The Perfect Recipe for Thanksgiving Leftovers

What to do with all the Thanksgiving leftovers, especially this year of 2020 when most of us had less people around the Thanksgiving table?

First, of course, is the requisite turkey sandwich, made with turkey, stuffing, cranberry sauce and, from my childhood, Miracle Whip. It’s basically the only time I ever use Miracle Whip but it wouldn’t be a proper turkey sandwich without it. But after that? Turkey soup made with the carcass, Turkey Tetrazzini and Turkey Hash. This last recipe is one of my favorites for apres-Thanksgiving, because it uses so many leftovers! It calls for using cubed potatoes, but even that can be subbed for leftover mashed potatoes, just reduce the cooking time. I even used the leftover leaf-shaped butter pats and sliced bell pepper from my crudite platter in this year’s version.

I wish I could give credit for the recipe I’ve had for ages (pretty sure it came from one or both of The Silver Palate authors) but couldn’t find where it originated. If you can’t find parsley, no biggie. It adds a bit of color and freshness to the dish, but isn’t completely necessary. This pairs well with a salad, made with cranberry sauce dressing, just to fit in all the leftovers!

My Turkey Hash

Serves 6

  • 1 tablespoon unsalted butter
  • 1 medium potato, scrubbed and cubed
  • 1 green (I used red) bell pepper, halved seeded and cut into 1″ chunks
  • 2 cups leftover turkey meat, cut in bite size chunks
  • 1/2 cup gravy
  • 2 cups Stuffing, cooked
  • 1/4 cup chopped fresh Italian parsley
  1. In an 8-inch skillet with 3-inch sides, heat the butter over medium heat. Add, in layers, the potato, pepper and turkey: Dot each layer with gravy. Top with stuffing.
  2. Cover the skillet tightly with foil, reduce heat and cooke for 35 to 40 minutes, or until the hash is bubbling and the potatoes are cooked through. Serve garnished with parsley.

Calories 216

The Big Reveal! Make sure it’s bubbling, but watch out for the foil. It’s hot!

And since I think the hardest thing to make at Thanksgiving, after the turkey, is the gravy, I’m offering an easy Classic Pan Gravy recipe by Sam Sifton from the New York Times. I like it because it only calls for 7 tablespoons of turkey fat, unlike other recipes that call for cups of it. I never have a lot of drippings- they must be making turkeys skinnier these day. Try to use the Instant Flour, as it makes it less lumpy. We don’t want a lumpy gravy, people!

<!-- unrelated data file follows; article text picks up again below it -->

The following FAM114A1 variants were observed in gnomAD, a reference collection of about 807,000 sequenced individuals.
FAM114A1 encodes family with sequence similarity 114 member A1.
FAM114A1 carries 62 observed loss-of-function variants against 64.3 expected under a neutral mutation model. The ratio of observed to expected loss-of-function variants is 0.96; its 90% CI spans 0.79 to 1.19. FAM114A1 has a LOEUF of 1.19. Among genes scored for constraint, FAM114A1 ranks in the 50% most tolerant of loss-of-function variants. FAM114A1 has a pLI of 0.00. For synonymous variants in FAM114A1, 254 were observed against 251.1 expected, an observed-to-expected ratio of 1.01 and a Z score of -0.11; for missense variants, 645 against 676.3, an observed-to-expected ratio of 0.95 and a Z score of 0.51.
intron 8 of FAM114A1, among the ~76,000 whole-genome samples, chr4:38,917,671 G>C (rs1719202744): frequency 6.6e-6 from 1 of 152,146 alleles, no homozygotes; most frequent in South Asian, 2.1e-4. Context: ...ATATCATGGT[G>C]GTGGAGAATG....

This makes gravy making easier!

Classic Pan Gravy

Yield: 5 to 6 cups

  • 7 tablespoons turkey fat, left in roasting pan
  • 6 tablespoons flour, preferably instant
  • 1/2 cup white wine (dry)
  • 4 to 5 cups turkey stock
  • salt and pepper
  1. Pour off all but 7 tablespoons turkey fat from the roasting pan and set the pan on the stovetop over medium heat. Sprinkle the flour over the fat and cook, stirring constantly, until the mixture is golden, 8 to 10 minutes. (mine took a lot less time)
  2. Increase the heat to medium high and add a little white wine, whisking as you go to let it reduce. Slowly add the stock, stirring constantly, until the mixture is smooth. Cook, continuing to stir, until the gravy is thickened, approximately 8 to 10 minutes. Season to taste with salt and pepper.

When you make this gravy, you need to give your full attention to it, otherwise it can go south quickly. This is difficult, since you’re making it at the last minute, when many other dishes need your attention, so either recruit help for other dishes, or teach a trusted person to make this gravy.

Up Next: The Holiday’s are upon us

Published by gleeguilford

Born and raised in Miami, the daughter of a pilot and stay-at-home Mom, I love food in all forms. My great grandfather opened the first Italian restaurant in Miami in the 20's, The Boathouse on the Miami river. I love exploring my heritage and linking food and recipes to personal stories. I've been published in Chicken Soup for the Soul: Food and Love and wrote restaurant reviews and news as the Miami Dining Examiner for three years. I love exploring Miami's latest hot spots, hole in the walls and institutions. I'm always looking for innovative ways to use the plethora of tropical fruits and vegetables South Florida offers, especially from my own garden.

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